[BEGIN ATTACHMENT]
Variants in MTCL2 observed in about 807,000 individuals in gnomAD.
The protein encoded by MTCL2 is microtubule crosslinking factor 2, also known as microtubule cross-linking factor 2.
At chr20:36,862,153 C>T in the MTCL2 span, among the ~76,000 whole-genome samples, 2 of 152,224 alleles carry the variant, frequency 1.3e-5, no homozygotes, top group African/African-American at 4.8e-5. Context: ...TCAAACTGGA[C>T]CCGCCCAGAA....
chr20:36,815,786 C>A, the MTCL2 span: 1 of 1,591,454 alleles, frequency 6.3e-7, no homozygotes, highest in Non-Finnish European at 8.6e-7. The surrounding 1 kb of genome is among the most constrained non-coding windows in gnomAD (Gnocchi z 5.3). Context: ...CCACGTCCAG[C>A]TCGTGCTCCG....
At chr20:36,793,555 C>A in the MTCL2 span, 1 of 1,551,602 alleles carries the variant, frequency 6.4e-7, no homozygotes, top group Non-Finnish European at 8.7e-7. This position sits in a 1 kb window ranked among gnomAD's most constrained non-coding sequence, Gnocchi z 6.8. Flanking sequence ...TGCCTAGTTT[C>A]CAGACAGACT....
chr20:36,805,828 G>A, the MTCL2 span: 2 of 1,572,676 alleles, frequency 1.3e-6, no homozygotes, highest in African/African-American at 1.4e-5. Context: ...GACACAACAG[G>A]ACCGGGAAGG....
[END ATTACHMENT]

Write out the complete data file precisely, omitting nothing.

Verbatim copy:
Variants in MTCL2 observed in about 807,000 individuals in gnomAD.
The protein encoded by MTCL2 is microtubule crosslinking factor 2, also known as microtubule cross-linking factor 2.
At chr20:36,862,153 C>T in the MTCL2 span, among the ~76,000 whole-genome samples, 2 of 152,224 alleles carry the variant, frequency 1.3e-5, no homozygotes, top group African/African-American at 4.8e-5. Context: ...TCAAACTGGA[C>T]CCGCCCAGAA....
chr20:36,815,786 C>A, the MTCL2 span: 1 of 1,591,454 alleles, frequency 6.3e-7, no homozygotes, highest in Non-Finnish European at 8.6e-7. The surrounding 1 kb of genome is among the most constrained non-coding windows in gnomAD (Gnocchi z 5.3). Context: ...CCACGTCCAG[C>A]TCGTGCTCCG....
At chr20:36,793,555 C>A in the MTCL2 span, 1 of 1,551,602 alleles carries the variant, frequency 6.4e-7, no homozygotes, top group Non-Finnish European at 8.7e-7. This position sits in a 1 kb window ranked among gnomAD's most constrained non-coding sequence, Gnocchi z 6.8. Flanking sequence ...TGCCTAGTTT[C>A]CAGACAGACT....
chr20:36,805,828 G>A, the MTCL2 span: 2 of 1,572,676 alleles, frequency 1.3e-6, no homozygotes, highest in African/African-American at 1.4e-5. Context: ...GACACAACAG[G>A]ACCGGGAAGG....